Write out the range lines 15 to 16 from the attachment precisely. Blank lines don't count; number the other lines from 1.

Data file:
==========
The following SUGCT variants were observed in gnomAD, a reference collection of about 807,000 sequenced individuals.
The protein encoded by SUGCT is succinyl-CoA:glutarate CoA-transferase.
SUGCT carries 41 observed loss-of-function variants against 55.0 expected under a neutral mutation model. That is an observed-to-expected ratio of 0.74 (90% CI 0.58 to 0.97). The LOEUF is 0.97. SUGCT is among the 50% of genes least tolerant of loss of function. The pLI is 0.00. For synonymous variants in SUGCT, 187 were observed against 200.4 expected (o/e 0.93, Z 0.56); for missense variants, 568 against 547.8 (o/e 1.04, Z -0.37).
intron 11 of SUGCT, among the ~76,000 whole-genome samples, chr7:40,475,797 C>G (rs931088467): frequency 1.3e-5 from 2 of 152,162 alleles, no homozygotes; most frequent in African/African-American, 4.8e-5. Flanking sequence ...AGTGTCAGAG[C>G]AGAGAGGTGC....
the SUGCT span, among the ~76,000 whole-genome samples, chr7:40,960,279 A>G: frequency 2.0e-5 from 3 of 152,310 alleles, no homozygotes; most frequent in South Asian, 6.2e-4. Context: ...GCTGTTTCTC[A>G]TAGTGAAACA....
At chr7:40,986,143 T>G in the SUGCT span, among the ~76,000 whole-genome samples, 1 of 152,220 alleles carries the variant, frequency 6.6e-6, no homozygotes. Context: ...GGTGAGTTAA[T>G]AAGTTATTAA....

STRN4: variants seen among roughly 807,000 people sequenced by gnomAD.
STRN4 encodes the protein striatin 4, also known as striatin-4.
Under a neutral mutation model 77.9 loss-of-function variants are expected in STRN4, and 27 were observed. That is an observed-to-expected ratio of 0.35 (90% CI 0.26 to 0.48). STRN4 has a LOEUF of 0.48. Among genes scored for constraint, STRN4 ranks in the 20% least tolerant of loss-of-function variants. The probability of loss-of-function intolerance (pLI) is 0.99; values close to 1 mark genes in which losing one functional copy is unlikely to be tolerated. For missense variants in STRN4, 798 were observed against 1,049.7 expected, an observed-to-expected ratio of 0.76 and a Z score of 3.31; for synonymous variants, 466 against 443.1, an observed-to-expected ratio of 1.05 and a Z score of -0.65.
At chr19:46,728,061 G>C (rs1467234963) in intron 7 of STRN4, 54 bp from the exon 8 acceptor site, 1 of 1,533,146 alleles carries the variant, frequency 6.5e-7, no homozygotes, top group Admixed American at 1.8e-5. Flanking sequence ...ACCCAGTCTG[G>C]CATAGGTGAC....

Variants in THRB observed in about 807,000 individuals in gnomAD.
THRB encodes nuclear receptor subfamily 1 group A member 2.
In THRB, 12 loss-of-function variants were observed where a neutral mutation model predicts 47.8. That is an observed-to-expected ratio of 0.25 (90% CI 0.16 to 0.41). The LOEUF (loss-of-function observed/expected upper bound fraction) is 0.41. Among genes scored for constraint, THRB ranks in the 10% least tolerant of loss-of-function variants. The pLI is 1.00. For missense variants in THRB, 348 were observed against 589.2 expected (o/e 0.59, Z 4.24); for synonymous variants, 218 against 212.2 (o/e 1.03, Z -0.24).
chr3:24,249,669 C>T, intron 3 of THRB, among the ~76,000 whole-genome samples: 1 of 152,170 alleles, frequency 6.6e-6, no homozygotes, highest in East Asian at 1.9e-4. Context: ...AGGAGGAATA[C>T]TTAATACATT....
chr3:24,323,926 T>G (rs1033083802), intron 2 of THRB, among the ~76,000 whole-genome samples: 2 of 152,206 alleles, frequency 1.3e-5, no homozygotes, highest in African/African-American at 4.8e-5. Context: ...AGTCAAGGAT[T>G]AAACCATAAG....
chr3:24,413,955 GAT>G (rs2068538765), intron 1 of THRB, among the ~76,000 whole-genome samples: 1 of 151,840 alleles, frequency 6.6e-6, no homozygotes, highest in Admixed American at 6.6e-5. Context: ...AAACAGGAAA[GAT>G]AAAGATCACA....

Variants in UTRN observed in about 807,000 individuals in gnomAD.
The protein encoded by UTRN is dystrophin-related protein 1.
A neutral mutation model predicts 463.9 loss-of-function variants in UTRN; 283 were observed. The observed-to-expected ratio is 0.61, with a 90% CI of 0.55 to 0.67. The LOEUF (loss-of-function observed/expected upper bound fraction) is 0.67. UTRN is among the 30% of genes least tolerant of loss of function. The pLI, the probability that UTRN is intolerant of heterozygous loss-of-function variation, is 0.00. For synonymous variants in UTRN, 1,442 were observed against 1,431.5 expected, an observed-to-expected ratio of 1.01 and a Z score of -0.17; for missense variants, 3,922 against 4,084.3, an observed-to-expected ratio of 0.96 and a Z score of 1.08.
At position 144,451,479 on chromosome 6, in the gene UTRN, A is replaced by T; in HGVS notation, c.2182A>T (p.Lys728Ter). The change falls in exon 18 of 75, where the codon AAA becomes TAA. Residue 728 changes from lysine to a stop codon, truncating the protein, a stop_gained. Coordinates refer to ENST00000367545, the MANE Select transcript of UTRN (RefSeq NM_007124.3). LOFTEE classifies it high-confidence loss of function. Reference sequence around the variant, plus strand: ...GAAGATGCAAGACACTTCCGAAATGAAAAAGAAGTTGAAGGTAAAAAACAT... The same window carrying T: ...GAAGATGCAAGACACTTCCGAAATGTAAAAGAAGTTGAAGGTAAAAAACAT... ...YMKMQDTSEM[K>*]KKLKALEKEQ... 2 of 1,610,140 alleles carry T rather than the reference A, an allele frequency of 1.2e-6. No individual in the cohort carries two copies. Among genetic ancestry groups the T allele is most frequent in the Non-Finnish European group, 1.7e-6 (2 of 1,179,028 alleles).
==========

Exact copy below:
chr3:24,323,926 T>G (rs1033083802), intron 2 of THRB, among the ~76,000 whole-genome samples: 2 of 152,206 alleles, frequency 1.3e-5, no homozygotes, highest in African/African-American at 4.8e-5. Context: ...AGTCAAGGAT[T>G]AAACCATAAG....
chr3:24,413,955 GAT>G (rs2068538765), intron 1 of THRB, among the ~76,000 whole-genome samples: 1 of 151,840 alleles, frequency 6.6e-6, no homozygotes, highest in Admixed American at 6.6e-5. Context: ...AAACAGGAAA[GAT>G]AAAGATCACA....